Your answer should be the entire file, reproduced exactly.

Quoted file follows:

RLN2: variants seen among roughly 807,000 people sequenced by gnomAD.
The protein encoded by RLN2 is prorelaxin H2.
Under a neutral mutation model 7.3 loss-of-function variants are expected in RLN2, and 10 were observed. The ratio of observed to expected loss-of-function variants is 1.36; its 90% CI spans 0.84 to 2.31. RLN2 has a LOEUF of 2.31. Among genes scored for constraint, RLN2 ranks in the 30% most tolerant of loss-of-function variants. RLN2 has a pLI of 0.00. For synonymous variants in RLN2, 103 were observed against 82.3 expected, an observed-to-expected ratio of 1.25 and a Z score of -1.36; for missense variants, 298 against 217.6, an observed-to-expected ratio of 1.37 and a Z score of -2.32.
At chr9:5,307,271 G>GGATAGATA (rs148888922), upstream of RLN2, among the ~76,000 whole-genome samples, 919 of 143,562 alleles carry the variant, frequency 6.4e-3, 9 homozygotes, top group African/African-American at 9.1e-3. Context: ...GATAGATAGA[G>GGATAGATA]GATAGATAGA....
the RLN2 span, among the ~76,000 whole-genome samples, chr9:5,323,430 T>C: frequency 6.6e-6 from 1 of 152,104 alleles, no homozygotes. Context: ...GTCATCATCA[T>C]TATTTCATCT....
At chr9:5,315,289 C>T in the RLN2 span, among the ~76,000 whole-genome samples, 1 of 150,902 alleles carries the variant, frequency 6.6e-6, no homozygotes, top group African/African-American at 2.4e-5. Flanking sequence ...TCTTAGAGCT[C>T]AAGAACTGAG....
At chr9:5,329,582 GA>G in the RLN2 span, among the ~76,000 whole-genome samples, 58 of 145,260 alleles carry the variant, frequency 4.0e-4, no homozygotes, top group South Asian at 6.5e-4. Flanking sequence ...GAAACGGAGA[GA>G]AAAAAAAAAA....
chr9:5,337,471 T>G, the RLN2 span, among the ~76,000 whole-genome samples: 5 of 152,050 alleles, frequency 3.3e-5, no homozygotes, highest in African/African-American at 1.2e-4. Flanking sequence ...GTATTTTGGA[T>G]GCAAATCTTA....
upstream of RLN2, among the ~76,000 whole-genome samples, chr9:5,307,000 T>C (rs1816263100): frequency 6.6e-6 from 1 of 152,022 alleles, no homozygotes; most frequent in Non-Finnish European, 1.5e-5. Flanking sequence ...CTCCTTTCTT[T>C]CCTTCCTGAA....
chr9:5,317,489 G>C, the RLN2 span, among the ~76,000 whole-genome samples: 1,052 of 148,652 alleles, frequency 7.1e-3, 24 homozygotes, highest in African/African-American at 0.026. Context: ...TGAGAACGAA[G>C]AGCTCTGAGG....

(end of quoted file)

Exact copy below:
RLN2: variants seen among roughly 807,000 people sequenced by gnomAD.
The protein encoded by RLN2 is prorelaxin H2.
Under a neutral mutation model 7.3 loss-of-function variants are expected in RLN2, and 10 were observed. The ratio of observed to expected loss-of-function variants is 1.36; its 90% CI spans 0.84 to 2.31. RLN2 has a LOEUF of 2.31. Among genes scored for constraint, RLN2 ranks in the 30% most tolerant of loss-of-function variants. RLN2 has a pLI of 0.00. For synonymous variants in RLN2, 103 were observed against 82.3 expected, an observed-to-expected ratio of 1.25 and a Z score of -1.36; for missense variants, 298 against 217.6, an observed-to-expected ratio of 1.37 and a Z score of -2.32.
At chr9:5,307,271 G>GGATAGATA (rs148888922), upstream of RLN2, among the ~76,000 whole-genome samples, 919 of 143,562 alleles carry the variant, frequency 6.4e-3, 9 homozygotes, top group African/African-American at 9.1e-3. Context: ...GATAGATAGA[G>GGATAGATA]GATAGATAGA....
the RLN2 span, among the ~76,000 whole-genome samples, chr9:5,323,430 T>C: frequency 6.6e-6 from 1 of 152,104 alleles, no homozygotes. Context: ...GTCATCATCA[T>C]TATTTCATCT....
At chr9:5,315,289 C>T in the RLN2 span, among the ~76,000 whole-genome samples, 1 of 150,902 alleles carries the variant, frequency 6.6e-6, no homozygotes, top group African/African-American at 2.4e-5. Flanking sequence ...TCTTAGAGCT[C>T]AAGAACTGAG....
At chr9:5,329,582 GA>G in the RLN2 span, among the ~76,000 whole-genome samples, 58 of 145,260 alleles carry the variant, frequency 4.0e-4, no homozygotes, top group South Asian at 6.5e-4. Flanking sequence ...GAAACGGAGA[GA>G]AAAAAAAAAA....
chr9:5,337,471 T>G, the RLN2 span, among the ~76,000 whole-genome samples: 5 of 152,050 alleles, frequency 3.3e-5, no homozygotes, highest in African/African-American at 1.2e-4. Flanking sequence ...GTATTTTGGA[T>G]GCAAATCTTA....
upstream of RLN2, among the ~76,000 whole-genome samples, chr9:5,307,000 T>C (rs1816263100): frequency 6.6e-6 from 1 of 152,022 alleles, no homozygotes; most frequent in Non-Finnish European, 1.5e-5. Flanking sequence ...CTCCTTTCTT[T>C]CCTTCCTGAA....
chr9:5,317,489 G>C, the RLN2 span, among the ~76,000 whole-genome samples: 1,052 of 148,652 alleles, frequency 7.1e-3, 24 homozygotes, highest in African/African-American at 0.026. Context: ...TGAGAACGAA[G>C]AGCTCTGAGG....